Populations in the Gulf are getting older and increasing in size, with a big bulge in the number of teen-agers who will be entering the work force within the next 10 years. These trends are making its harder and more costly for governments to provide high-quality healthcare and schooling. The Gulf has one of the world’s highest rates of obesity; 27 per cent of all men and 40 per cent of all women are clinically obese. The older people become, the fatter they get – though this seems to conflict with the ob-gen argument that we need to get fat to avoid starvation. On this view, an ageing population means a fatter population in the United States, China, Japan, and much of Europe.

In Indian context the older population has been rapidly increasing. It is said that while it took France 120 years for the population of the elderly to double, it took India just 25 years to achieve this phenomenon. India’s elderly population increased from 12 million in 1901 to 19 million in 1951 and 77 million in 2001. According to an estimate by 2021, India’s elderly population will cross 137 million. Presently India has the second largest aged population in the world. Nearly 90 per cent of the total workforce in India is employed in the informal sector. Thus, social security offered by pension schemes is available to only 10 per cent of the working population retiring from the organised sector.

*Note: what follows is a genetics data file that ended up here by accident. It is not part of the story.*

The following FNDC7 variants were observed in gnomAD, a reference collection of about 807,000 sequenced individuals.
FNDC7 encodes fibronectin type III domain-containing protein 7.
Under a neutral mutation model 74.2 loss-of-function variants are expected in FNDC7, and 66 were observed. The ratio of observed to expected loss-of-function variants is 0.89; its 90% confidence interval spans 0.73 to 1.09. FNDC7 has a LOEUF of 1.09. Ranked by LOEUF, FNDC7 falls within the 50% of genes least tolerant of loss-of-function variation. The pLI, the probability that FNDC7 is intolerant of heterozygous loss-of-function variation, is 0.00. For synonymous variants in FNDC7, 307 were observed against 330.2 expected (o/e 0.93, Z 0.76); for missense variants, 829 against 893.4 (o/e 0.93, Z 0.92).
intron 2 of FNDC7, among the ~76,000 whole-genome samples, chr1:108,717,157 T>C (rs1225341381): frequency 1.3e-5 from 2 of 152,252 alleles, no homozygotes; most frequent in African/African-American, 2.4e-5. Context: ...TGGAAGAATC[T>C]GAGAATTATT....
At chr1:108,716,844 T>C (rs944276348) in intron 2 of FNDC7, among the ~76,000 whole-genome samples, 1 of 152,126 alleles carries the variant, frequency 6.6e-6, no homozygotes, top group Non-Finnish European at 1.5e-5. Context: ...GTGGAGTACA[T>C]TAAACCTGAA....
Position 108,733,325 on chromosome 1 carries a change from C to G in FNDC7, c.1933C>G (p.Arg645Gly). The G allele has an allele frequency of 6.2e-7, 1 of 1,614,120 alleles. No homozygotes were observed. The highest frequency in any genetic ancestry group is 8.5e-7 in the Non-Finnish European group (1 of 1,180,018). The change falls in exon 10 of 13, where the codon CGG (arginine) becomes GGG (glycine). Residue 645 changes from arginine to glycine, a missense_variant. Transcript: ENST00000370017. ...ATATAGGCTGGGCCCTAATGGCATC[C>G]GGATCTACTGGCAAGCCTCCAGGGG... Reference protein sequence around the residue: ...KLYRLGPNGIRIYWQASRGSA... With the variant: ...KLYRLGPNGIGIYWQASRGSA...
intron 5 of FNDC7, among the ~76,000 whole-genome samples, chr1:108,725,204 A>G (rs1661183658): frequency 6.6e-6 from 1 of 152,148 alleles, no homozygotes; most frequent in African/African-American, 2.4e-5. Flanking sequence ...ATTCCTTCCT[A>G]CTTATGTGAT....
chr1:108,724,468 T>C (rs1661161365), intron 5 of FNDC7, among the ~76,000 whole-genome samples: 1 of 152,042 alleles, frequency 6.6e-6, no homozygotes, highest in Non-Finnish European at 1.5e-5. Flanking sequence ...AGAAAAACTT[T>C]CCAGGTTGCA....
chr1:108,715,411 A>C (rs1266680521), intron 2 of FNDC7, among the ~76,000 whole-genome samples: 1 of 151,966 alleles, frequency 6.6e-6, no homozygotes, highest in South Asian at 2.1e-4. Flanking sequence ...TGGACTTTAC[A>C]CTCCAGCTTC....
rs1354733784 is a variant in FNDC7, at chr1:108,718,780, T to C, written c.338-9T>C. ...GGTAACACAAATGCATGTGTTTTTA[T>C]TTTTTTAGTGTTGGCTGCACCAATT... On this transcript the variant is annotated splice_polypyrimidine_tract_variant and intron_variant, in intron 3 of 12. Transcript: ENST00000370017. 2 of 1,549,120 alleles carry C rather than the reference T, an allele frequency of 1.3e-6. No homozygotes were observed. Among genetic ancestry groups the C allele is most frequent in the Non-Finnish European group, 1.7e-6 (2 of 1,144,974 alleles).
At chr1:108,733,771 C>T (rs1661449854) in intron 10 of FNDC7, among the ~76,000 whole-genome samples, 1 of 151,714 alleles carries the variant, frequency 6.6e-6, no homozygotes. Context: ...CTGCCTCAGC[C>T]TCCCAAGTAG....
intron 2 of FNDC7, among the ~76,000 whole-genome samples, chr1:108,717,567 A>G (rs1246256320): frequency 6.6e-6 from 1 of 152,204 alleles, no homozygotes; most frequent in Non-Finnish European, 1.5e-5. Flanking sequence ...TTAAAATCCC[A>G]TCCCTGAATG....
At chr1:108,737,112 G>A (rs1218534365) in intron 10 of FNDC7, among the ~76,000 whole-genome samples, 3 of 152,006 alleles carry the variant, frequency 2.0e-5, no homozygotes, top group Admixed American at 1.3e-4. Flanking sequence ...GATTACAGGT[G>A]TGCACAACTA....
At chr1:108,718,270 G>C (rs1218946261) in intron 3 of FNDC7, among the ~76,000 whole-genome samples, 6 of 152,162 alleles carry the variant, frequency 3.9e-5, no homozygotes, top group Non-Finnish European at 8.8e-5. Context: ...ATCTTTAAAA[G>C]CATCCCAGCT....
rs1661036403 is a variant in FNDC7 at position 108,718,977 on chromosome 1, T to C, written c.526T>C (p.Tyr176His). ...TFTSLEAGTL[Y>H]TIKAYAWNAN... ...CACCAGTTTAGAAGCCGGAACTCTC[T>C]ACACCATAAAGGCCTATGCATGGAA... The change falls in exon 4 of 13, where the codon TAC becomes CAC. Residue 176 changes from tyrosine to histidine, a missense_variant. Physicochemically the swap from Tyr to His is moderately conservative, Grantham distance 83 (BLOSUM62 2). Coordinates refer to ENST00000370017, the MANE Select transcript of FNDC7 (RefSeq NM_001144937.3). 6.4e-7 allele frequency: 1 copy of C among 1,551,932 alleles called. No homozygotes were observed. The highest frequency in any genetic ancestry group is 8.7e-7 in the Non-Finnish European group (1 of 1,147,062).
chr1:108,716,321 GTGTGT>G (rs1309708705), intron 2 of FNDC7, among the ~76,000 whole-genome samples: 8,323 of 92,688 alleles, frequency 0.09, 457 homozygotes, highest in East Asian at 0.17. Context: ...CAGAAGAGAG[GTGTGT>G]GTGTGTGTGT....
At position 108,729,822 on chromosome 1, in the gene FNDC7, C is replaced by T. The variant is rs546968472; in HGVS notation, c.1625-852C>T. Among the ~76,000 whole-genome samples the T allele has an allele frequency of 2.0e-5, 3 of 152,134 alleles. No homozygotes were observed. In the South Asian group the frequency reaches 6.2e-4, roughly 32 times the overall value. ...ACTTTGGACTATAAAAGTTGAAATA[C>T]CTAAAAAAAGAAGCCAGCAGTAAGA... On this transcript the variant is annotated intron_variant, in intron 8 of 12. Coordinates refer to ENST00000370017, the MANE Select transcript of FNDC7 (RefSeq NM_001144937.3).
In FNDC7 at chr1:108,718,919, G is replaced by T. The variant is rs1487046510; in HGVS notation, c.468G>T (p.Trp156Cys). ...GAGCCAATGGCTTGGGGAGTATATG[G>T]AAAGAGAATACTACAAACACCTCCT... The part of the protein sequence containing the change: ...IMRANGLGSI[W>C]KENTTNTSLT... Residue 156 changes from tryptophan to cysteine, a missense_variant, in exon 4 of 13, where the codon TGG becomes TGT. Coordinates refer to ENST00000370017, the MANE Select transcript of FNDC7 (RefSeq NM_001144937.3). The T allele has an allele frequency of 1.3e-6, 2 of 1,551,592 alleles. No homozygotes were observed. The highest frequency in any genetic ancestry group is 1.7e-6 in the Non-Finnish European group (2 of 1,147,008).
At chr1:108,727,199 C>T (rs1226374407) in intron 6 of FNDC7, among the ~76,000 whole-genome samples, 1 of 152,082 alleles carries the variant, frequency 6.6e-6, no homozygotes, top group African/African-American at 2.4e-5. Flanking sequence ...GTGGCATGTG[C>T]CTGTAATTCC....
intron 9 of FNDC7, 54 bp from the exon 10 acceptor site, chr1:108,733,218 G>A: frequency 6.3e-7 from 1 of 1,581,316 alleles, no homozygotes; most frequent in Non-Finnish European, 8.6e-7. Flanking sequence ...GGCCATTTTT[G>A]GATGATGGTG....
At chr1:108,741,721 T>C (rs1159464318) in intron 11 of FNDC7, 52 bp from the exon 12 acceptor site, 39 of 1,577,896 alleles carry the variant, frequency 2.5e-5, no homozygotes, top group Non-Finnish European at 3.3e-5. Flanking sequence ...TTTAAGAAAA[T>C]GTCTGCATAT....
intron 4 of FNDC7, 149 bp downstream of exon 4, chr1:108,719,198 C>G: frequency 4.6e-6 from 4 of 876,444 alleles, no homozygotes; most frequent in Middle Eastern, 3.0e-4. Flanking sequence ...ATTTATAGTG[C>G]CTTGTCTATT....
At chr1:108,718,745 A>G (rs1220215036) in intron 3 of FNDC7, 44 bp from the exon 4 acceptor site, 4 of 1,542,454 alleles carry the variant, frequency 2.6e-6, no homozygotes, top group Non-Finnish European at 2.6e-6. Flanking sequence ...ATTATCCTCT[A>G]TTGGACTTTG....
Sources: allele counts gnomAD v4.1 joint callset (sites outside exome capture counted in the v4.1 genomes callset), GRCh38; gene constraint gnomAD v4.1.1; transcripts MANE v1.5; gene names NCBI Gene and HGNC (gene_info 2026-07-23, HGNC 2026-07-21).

It is true that the only way our leaders are able to combat an ageing population - bar introducing state-sanctioned euthanasia for the over 85s - is to have a faster-growing population of young people. Australia has no comprehensive plan to deal with its growing population. Decisions on migration are made at one level of government - federal - in isolation from the states, which are responsible for actually housing, educating and caring for the new inhabitants. This solution that has been in the news of late; an increase in immigration.

Australia is perceived to have one of the largest countries in the world, yet we have one of the smallest populations. In this plan, the government intends to use this excess space, to open the doors to a controlled form of immigration, in which only younger people are allowed. They hope this may counter the effects of an ageing population, through stimulating the economy with greater activity and productivity.

The employment challenge of ageing populations cannot be solved by perpetual population growth, because perpetual population growth is not possible in a finite world.

Today's young people will always grow into the elderly of the future, and therefore today's workforce into the dependants of the future.